Connect different LANs over openVPN

I now own three Raspberry Pi’s.

Using two of them (and my Guruplug as WiFi AP) I connected my new apartment with my old house (= parents) over VPN.

This way I can access the printers/scanners and NAS at home.

The 2 rPI’s are used as router (using a Macbook Air USB-to-Ethernet adapter as 2nd ethernet (eth1) port). Basic howto’s are easily found using Google to do this (a good starting point).

I made my own installation of Raspbian (as the downloadable image contains too much crap), details here (actually not that easy to find when Googling for bootstrap raspbian etc).


I’ve connected three different LANs over an OpenVPN connection:

  • LAN1 (home): (Gateway:, VPN ip:
  • LAN2 (apartment, ethernet): (Gateway:, VPN ip:
  • LAN3 (apartment, wifi): (Gateway:, VPN ip:

OpenVPN range: The subnet is in all cases.

LAN3 is connected via LAN2 to the internet. So the default gateway of router is

The gateway/routers are all Debian-based Linux systems. I’m using EDPnet as ISP, and thus need to use those Sagem/Belgacom approved routers (BBox-2 hardware). These Sagems are set in bridged mode, and don’t do the PPP stuff. PPPoeconfig on Debian takes care of most of the stuff. As EDPnet provides ipv6, I can ping6 from those routers.

The idea is to connect/ping each and every LAN from any of the clients connected the LANs (without running OpenVPN on the clients; only run it on the gateways).

For example: my PC with ip wants to connect to the NAS with ip

This can easily be achieved by setting a client-config-dir in the openvpn.conf file (or whatever the name of your config):

client-config-dir /etc/openvpn/tiete

And don’t forget to add route pushes:

push "route"
push "route"
push "route"

But here comes the annoying part. As I’m pushing routes via VPN, which is supposed to be my Guruplug’s default gateway as well (ISP > eth0:RaspberryPi:eth1 > eth0:Guruplug, remember?) this was causing quite some routing fuck ups.

The easiest way to solve this was to turn off VPN on the Guruplug all together, and route over the Raspberry Pi, by adding this line to /etc/network/interfaces:

up route add -net netmask gw dev eth1

Then I’ll change the client specific configs on the VPN. Create a file in whatever you picked as client-config-dir, and name it the actual VPN name (the name used when creating the key).

As I have three routers, I created three files (sheeva for my guruplug, Pi for my first rPI and Industry for my 2nd. Yep… Fancy names).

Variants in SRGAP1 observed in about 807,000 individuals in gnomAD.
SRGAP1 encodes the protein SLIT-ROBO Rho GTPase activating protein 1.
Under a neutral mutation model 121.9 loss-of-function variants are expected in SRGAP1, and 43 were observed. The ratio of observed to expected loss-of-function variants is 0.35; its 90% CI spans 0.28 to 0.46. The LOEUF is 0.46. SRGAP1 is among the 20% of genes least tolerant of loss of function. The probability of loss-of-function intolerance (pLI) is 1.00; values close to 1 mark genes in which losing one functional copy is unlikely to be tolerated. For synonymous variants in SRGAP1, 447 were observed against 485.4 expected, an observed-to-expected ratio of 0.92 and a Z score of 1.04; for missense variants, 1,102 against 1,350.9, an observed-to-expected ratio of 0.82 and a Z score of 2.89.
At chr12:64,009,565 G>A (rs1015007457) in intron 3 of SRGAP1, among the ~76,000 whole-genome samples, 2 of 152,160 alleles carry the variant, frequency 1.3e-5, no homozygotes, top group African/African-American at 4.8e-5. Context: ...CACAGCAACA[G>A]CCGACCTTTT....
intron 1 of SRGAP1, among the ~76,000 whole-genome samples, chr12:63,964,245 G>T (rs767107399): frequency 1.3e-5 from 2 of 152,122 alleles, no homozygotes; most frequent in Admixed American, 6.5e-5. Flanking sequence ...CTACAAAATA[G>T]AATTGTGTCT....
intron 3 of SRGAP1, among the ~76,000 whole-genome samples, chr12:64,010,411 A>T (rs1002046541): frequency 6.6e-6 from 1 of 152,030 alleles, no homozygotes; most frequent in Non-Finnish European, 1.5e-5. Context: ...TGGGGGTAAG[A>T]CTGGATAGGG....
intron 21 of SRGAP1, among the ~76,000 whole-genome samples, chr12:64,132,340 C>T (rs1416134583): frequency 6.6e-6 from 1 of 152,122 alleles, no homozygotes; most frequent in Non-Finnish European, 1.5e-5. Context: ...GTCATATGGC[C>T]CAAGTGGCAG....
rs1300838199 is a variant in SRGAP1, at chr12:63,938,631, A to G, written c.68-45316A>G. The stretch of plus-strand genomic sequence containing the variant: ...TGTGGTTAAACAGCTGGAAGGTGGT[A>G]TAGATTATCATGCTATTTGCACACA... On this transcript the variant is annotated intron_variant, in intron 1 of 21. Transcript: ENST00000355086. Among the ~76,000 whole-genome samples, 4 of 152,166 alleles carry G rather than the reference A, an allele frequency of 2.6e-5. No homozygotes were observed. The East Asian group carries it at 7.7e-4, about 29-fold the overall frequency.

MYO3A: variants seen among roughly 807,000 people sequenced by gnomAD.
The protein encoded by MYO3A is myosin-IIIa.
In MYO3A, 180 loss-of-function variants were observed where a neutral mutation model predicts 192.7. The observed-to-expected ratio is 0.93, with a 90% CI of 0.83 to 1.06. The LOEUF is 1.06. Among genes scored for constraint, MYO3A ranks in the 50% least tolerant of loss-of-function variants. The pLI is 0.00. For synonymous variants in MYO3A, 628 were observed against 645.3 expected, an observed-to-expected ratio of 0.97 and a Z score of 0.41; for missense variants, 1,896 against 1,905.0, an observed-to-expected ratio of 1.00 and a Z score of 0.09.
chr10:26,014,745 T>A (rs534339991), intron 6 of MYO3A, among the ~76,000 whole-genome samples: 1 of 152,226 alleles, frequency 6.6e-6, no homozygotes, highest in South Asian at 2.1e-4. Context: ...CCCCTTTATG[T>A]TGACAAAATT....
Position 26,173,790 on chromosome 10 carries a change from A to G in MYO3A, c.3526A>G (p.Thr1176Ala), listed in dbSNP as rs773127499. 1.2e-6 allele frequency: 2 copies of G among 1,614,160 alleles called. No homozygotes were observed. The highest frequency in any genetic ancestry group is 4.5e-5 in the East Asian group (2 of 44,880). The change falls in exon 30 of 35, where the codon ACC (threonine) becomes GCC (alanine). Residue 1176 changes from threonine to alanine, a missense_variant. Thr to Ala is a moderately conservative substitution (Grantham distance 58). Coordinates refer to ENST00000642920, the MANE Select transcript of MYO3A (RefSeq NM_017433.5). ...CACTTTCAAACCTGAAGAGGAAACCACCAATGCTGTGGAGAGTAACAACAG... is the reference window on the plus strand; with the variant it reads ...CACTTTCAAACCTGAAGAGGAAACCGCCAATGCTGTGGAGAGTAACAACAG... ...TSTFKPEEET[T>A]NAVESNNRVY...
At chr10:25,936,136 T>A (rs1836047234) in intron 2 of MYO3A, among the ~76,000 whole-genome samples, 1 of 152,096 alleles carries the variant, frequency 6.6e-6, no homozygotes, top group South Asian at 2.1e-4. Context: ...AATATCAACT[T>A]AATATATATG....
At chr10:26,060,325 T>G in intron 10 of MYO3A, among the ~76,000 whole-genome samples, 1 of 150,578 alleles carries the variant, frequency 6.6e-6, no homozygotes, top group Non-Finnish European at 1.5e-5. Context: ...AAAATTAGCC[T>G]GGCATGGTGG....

I also want to give a static IP address to the gateways, so I use the option:

ifconfig-push 10.9.8.<valid-ip> 10.9.8.<valid-ip - 1>

And I’ll also add the iroute option to push routes.

This is what it looks like for the router on the network (“Pi”):


For “Sheeva”, the WiFi AP on


And for plus routed over (“Industry”):


And don’t forget to set up masquerading over tun0 (or tun+) with iptables.

Now… Oddly enough, this didn’t require that much configuration, cursing and stress… And, well, it kind of just works.

From my Mac to my NAS:

nazgul ~ $ traceroute
traceroute to (, 64 hops max, 52 byte packets
 1 sheeva ( 1.936 ms 1.159 ms 0.800 ms
 2 ( 1.456 ms 1.776 ms 1.539 ms
 3 ( 55.745 ms 55.046 ms 54.734 ms
 4 ( 62.302 ms 55.327 ms 54.795 ms

From Pi (gateway to nazgul, my Mac:

pi ~ # traceroute
traceroute to (, 30 hops max, 60 byte packets
 1 ( 65.892 ms 74.177 ms 73.957 ms
 2 ( 73.441 ms 72.902 ms 72.342 ms
 3 ( 71.780 ms 71.187 ms 70.760 ms

From Heartbeat (, my Munin stats server to the printer:

heartbeat ~/bin # traceroute
traceroute to (, 30 hops max, 60 byte packets
 1 pi ( 39.835 ms 40.794 ms 41.567 ms
 2 ( 41.541 ms 42.452 ms 43.307 ms

From Heartbeat to Sheeva’s eth0 IP:

heartbeat ~/bin # traceroute
traceroute to (, 30 hops max, 60 byte packets
 1 industry ( 32.716 ms 32.615 ms 34.359 ms
 2 sheeva ( 34.405 ms 34.349 ms 35.014 ms

From Heartbeat to an Android device (not sure why the latency spike):

heartbeat ~/bin # traceroute
traceroute to (, 30 hops max, 60 byte packets
 1 industry ( 31.337 ms 32.269 ms 32.218 ms
 2 sheeva ( 33.006 ms 33.052 ms 32.996 ms
 3 ( 471.564 ms 472.169 ms 473.082 ms

Next up (once I have spare time): try to sync local DNS and fix local ipv6.

I’ll put most of the configs on Github at some point.